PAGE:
Of course I always hope the Giants win, but especially on Opening Day, with all the festive bunting draped all over everything and all. The Giants had their expensive new guy with the left arm out on the mound on Opening Day, backed by their retooled squad, a packed house, perfect weather, blah, blah.
They played bad. Game Spoils Opening Day, read the Chronicle's front page headline, with a big page-spanning No, Really, Play Ball sprawled across the top of the sports section, The Sporting Green as it is known in the Chronicle.
If a minimal requirement of a major daily newspaper is sufficient staff for a few of them to be devoted nearly full-time to the task of writing healdines and captions, then the Chronicle meets and often exceeds that standard. It has plenty of people working for it, and some make up the front page crew authorized to fashion its front page headlines, while at the same time somewhere nearby the others of the editorial staff assigned to the sports page crew toil away crafting the pithy nuggets of their own. The reporter on a major daily newspaper, the journalist who files the story itself, such as it is, doesn't write the headline or the captions accompanying the story. That headline belongs to somebody else, with occasionally the noticeable tension between the headline and what's actually being reported visible to the passably close reader of the two.
In this case, in this opening day's Chronicle, the one printed the day after the galling particulars reported there, there is a happy congress of all three staffed functions here, a disparaging unanimity of report made manifest in the first paragraph of The Sporting Green's
Start with a quart of awful and add two teaspoons of hideous. Throw in a dash of miserable and you had the recipe for the Giants' 2007 opener Tuesday. The best they could do with this foul-tasting stew was dump it in the trash and hope to start fresh with new ingredients tonight.
—Henry Schulman in San Francisco Chronicle, April 4, 2007
Henry Schulman is the Giants beat writer for the Chronicle. He's assigned to the team, follows them around and files a story after each game, summarizing the action. He's been at it for mumbledy-something years now.
Sports writers have the freedom of the press. Pointedly, they're allowed to build a lede for their stories with judgements, as Schulman did in his Opening Day article. All the familiar supporting documentation for his judgements is readily available for easy inspection right there on the inside page where his article concludes: there's the clubhouse chat, there's the standard box score, everything there required to buttress his asperity.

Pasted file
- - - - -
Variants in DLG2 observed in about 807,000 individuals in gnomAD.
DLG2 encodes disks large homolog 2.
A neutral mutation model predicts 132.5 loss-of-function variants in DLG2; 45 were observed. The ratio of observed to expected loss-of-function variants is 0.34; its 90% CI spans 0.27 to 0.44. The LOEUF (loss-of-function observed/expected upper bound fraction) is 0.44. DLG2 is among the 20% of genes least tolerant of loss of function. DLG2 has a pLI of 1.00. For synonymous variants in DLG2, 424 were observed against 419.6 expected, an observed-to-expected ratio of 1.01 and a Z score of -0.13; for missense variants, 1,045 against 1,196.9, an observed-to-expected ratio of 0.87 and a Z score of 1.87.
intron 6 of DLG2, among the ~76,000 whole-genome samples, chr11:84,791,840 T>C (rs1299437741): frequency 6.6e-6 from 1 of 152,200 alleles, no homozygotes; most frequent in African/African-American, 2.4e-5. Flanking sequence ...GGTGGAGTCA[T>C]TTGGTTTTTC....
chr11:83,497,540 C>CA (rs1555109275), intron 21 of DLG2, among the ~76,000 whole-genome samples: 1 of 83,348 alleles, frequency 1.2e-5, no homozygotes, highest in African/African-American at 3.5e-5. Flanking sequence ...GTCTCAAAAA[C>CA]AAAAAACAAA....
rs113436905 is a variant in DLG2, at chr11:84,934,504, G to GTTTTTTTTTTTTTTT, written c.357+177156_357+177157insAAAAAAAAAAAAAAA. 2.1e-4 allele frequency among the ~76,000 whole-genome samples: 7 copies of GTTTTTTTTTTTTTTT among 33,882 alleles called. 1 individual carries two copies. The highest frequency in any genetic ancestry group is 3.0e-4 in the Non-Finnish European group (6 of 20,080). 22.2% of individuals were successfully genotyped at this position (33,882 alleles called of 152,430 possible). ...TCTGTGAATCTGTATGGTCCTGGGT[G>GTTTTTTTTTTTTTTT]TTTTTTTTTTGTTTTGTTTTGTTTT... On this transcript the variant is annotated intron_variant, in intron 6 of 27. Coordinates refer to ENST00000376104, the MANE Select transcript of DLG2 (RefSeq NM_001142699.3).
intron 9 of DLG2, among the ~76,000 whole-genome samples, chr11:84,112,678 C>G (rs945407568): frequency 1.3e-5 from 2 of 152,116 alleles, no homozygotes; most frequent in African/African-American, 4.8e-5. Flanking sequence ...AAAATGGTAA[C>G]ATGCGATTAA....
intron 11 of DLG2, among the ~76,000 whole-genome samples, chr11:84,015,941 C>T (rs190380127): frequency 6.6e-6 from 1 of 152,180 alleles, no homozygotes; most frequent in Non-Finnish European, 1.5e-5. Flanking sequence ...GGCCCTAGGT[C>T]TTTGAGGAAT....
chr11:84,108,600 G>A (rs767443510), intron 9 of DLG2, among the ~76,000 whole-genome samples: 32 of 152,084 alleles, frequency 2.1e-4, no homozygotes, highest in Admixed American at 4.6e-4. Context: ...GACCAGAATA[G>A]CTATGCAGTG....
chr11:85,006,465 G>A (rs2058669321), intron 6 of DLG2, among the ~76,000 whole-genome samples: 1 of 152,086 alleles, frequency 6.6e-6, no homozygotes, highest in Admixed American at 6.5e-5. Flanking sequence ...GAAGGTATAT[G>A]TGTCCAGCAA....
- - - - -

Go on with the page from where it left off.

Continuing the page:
As I said, Schulman travels with these guys. He sees them every day and he has the pulpit of the sports page to tell the world anything and everything he might want to reveal about them, and I'm sure over the years he's developed a sense of what he's willing to disclose about the players of this game he's paid to watch and what he isn't. But, as for reporting on the game, clearly he's accustomed to writing what he witnessed with no punches pulled, and the players must expect that of him, too.
Last night on the Daily Show, John Stewart interviewed Matt Cooper, who operated under markedly different conditions inside the Beltway in Washington, D.C., working for one of Time Magazine's flagship bureaus, vending its version of what passes for news of the White House. He was one of those given the famously leaked name of CIA worker Valerie Plame Wilson by a name he was reluctant to pronounce in public because of the bond of unrevealability established between Cooper, the White House beat writer, and the unnameable one in the Administration who had passed along the officially reserved name of Joe Wilson's wife.
Cooper collaborated on a story with a couple of other writers for Time Magazine, each of whom knew, as Cooper did, that the unnameable was Karl Rove.
The story, in fact, hinged on the simple fact that Karl Rove was the one that Cooper hadn't named. The three collaborators wrote a story pretending they didn't know that salient detail, a lapse in reporting but necessary to the copy eventually published by Time.
Henry Schulman has his informed witness of Giants games published in the Chronicle's Sporting Green. There's enough entitlement left in his version of freedom of the press that summary judgement, when due, will fall swiftly where it may on those thrilled and on those agonized by the report.
But this is not the case with the Washington press corps, so demure in exercise of its freedom that three of its members can agree that due diligence in protection of a source requires them to ignore the one fact known to all, as if the Chronicle had determined in its coverage of Opening Day to leech all reference to the pratfall of a loss it turned out to be from its pages, and insert instead a report of the day known by the front page crew, the sports page crew, and the journalist crew to be a false unsupportable lie.
Matt Cooper, in short, is not Henry Schulman.